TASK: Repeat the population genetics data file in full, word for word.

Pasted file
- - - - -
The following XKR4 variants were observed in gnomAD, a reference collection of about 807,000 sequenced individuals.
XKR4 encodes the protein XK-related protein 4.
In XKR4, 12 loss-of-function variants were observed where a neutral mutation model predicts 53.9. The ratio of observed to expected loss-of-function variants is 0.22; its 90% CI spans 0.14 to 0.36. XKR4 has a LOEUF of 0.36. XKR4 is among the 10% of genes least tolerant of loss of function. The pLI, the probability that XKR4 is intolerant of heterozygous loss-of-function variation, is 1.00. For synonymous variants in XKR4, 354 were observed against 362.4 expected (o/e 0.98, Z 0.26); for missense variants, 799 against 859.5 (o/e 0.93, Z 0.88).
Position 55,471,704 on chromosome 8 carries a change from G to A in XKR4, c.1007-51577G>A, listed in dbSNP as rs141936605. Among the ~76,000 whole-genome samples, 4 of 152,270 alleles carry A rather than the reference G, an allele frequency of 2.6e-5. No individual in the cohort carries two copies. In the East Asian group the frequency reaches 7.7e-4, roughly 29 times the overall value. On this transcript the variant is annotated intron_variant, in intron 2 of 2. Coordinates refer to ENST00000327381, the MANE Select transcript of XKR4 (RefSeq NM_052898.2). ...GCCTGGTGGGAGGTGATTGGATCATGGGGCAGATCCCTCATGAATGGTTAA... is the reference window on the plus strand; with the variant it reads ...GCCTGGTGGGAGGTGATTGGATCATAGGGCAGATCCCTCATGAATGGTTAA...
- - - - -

The following XKR4 variants were observed in gnomAD, a reference collection of about 807,000 sequenced individuals.
XKR4 encodes the protein XK-related protein 4.
In XKR4, 12 loss-of-function variants were observed where a neutral mutation model predicts 53.9. The ratio of observed to expected loss-of-function variants is 0.22; its 90% CI spans 0.14 to 0.36. XKR4 has a LOEUF of 0.36. XKR4 is among the 10% of genes least tolerant of loss of function. The pLI, the probability that XKR4 is intolerant of heterozygous loss-of-function variation, is 1.00. For synonymous variants in XKR4, 354 were observed against 362.4 expected (o/e 0.98, Z 0.26); for missense variants, 799 against 859.5 (o/e 0.93, Z 0.88).
Position 55,471,704 on chromosome 8 carries a change from G to A in XKR4, c.1007-51577G>A, listed in dbSNP as rs141936605. Among the ~76,000 whole-genome samples, 4 of 152,270 alleles carry A rather than the reference G, an allele frequency of 2.6e-5. No individual in the cohort carries two copies. In the East Asian group the frequency reaches 7.7e-4, roughly 29 times the overall value. On this transcript the variant is annotated intron_variant, in intron 2 of 2. Coordinates refer to ENST00000327381, the MANE Select transcript of XKR4 (RefSeq NM_052898.2). ...GCCTGGTGGGAGGTGATTGGATCATGGGGCAGATCCCTCATGAATGGTTAA... is the reference window on the plus strand; with the variant it reads ...GCCTGGTGGGAGGTGATTGGATCATAGGGCAGATCCCTCATGAATGGTTAA...